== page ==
I don't think there is a limit on what types can be returned with static lifetimes from functions. However, values do not gain the static lifetime by being returned from a function just because it declares it's return type has a static lifetime. you can declare static variables with the static keyword using a similar syntax to the let keyword.
static foo: i32 = 42;
The value created by the expression (123+x) is not static and gets dropped as soon as it goes out of scope. String literals are 'static by default even without being declared with the static keyword. that's why go2 works. for go3, trim returns an &str and when that reference or slice is to an already static string literal it can also be a static reference. for go1, there might actually be some coercion going on. some programming languages will sometimes store some small numbers or integers in the static section of the program. python actually does this despite being bytecode interpreted.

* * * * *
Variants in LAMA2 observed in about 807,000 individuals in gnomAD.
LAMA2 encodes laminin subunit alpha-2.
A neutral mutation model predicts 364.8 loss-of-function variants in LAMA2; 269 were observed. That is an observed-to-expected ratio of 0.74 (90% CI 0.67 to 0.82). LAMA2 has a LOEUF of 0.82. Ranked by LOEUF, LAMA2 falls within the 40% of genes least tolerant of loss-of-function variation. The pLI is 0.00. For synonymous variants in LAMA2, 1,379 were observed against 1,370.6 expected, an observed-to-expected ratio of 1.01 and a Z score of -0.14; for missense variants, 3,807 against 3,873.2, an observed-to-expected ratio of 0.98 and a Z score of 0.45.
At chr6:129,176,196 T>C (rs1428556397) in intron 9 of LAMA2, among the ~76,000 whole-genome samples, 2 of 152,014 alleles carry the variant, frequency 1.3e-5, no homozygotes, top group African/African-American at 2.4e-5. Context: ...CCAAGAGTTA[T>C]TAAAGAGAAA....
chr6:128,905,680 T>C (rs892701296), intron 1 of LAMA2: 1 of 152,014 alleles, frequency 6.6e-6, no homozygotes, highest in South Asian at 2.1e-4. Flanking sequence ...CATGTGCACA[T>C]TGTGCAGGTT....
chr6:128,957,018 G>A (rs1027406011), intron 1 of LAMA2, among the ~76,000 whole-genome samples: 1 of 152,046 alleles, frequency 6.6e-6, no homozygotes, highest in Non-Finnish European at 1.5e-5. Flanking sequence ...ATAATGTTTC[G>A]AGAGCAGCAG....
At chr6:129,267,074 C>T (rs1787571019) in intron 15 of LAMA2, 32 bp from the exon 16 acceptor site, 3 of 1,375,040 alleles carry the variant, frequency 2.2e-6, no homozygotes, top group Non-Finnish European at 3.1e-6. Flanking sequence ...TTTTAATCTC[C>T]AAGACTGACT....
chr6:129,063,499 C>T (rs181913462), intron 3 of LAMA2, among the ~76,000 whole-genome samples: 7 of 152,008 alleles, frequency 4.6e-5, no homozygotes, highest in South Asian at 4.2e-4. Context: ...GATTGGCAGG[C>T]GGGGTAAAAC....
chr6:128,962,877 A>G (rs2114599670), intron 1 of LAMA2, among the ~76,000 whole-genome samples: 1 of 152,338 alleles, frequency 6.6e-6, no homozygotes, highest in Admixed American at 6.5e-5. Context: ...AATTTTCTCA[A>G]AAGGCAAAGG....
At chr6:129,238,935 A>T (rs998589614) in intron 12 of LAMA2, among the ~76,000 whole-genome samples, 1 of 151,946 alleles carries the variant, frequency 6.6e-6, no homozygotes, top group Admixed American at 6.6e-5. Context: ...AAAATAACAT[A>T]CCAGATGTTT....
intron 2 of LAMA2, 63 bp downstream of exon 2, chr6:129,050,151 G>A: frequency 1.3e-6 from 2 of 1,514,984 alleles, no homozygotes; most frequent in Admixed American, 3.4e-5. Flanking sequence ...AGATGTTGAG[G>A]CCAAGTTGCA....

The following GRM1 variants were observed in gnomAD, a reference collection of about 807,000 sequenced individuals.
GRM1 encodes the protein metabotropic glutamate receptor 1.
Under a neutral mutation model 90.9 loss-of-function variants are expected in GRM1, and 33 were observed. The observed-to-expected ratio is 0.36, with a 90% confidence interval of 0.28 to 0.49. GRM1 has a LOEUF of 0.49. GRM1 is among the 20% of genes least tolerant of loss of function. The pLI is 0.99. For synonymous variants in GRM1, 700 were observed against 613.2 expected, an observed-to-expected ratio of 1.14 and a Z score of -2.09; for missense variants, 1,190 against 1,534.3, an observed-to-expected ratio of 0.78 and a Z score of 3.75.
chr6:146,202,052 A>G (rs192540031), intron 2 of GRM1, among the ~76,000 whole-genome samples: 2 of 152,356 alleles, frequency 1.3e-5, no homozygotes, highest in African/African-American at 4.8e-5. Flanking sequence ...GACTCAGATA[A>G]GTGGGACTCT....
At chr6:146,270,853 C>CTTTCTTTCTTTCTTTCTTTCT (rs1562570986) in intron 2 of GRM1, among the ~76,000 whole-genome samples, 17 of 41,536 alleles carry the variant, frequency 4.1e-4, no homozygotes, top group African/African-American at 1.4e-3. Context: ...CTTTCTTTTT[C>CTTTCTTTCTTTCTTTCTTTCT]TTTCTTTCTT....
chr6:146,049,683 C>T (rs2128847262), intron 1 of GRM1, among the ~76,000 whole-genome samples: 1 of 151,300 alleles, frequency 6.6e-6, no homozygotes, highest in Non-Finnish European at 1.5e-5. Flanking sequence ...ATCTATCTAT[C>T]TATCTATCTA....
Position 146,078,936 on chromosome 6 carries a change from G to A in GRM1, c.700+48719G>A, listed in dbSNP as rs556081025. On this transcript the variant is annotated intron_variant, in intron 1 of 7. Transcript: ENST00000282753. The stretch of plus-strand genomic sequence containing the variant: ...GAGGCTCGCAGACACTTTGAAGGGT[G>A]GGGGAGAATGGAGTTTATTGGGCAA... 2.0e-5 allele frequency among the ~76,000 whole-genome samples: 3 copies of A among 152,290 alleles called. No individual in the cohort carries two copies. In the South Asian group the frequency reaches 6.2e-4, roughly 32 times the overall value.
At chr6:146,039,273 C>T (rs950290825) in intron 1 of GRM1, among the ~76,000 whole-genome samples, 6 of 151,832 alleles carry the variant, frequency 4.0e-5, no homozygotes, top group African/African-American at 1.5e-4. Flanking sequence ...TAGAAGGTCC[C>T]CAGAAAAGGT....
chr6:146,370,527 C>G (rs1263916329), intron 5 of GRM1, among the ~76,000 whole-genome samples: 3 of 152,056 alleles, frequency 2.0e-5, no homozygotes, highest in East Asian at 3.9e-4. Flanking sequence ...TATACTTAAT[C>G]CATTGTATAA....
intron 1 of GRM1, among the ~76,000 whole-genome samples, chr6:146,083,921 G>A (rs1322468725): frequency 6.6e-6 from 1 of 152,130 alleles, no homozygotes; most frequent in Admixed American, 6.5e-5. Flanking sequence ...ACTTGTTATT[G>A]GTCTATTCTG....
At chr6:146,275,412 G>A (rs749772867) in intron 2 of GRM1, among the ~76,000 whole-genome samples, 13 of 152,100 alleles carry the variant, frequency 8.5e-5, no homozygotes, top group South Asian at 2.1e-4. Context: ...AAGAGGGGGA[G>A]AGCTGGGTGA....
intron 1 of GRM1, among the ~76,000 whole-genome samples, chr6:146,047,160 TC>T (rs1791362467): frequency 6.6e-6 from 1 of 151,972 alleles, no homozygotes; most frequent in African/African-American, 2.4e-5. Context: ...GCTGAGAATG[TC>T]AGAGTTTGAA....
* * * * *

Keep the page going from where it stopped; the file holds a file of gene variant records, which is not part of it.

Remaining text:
static variables are a bit complicated, but if you declare your variables with the static keyword and ensure they are initialized with constant expressions that can be evaluated at compile time they should work fine. further reading:: Static items - The Rust Reference
What rvalues can be promoted? What I got from all three sources was that only expressions which you can put in a const can be promoted.
but const A:&str=" qde".trim(); causes a error
while this is fine
There's no promotion happening in the trim case. If you start out with a &'static str then .trim() can turn that into a string slice of the same lifetime, as it merely returns a new view into the same data.
Note that string literals like "qde" are already &'static str, if you borrow them again you get a &'something &'static str, which however the compiler can easily turn back into &'static str by automatically reborrowing.